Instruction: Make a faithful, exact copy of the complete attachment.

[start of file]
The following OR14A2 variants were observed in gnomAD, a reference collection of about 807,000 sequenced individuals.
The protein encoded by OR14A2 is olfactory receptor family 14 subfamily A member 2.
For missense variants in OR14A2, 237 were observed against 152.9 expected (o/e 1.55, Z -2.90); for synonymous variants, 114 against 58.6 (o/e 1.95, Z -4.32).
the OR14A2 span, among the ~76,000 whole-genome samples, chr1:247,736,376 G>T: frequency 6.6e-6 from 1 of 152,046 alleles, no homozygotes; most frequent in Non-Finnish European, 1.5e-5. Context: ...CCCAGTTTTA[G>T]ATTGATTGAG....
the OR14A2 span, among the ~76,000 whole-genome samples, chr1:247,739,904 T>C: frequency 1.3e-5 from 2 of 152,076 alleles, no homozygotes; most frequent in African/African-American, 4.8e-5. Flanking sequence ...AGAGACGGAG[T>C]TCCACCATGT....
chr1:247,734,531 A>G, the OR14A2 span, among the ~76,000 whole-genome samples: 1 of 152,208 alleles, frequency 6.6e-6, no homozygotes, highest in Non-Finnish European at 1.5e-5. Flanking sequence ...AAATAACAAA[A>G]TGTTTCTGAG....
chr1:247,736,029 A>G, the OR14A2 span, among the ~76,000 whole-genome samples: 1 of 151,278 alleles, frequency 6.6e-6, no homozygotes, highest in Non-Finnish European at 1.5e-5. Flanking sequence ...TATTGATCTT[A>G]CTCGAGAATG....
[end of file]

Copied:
The following OR14A2 variants were observed in gnomAD, a reference collection of about 807,000 sequenced individuals.
The protein encoded by OR14A2 is olfactory receptor family 14 subfamily A member 2.
For missense variants in OR14A2, 237 were observed against 152.9 expected (o/e 1.55, Z -2.90); for synonymous variants, 114 against 58.6 (o/e 1.95, Z -4.32).
the OR14A2 span, among the ~76,000 whole-genome samples, chr1:247,736,376 G>T: frequency 6.6e-6 from 1 of 152,046 alleles, no homozygotes; most frequent in Non-Finnish European, 1.5e-5. Context: ...CCCAGTTTTA[G>T]ATTGATTGAG....
the OR14A2 span, among the ~76,000 whole-genome samples, chr1:247,739,904 T>C: frequency 1.3e-5 from 2 of 152,076 alleles, no homozygotes; most frequent in African/African-American, 4.8e-5. Flanking sequence ...AGAGACGGAG[T>C]TCCACCATGT....
chr1:247,734,531 A>G, the OR14A2 span, among the ~76,000 whole-genome samples: 1 of 152,208 alleles, frequency 6.6e-6, no homozygotes, highest in Non-Finnish European at 1.5e-5. Flanking sequence ...AAATAACAAA[A>G]TGTTTCTGAG....
chr1:247,736,029 A>G, the OR14A2 span, among the ~76,000 whole-genome samples: 1 of 151,278 alleles, frequency 6.6e-6, no homozygotes, highest in Non-Finnish European at 1.5e-5. Flanking sequence ...TATTGATCTT[A>G]CTCGAGAATG....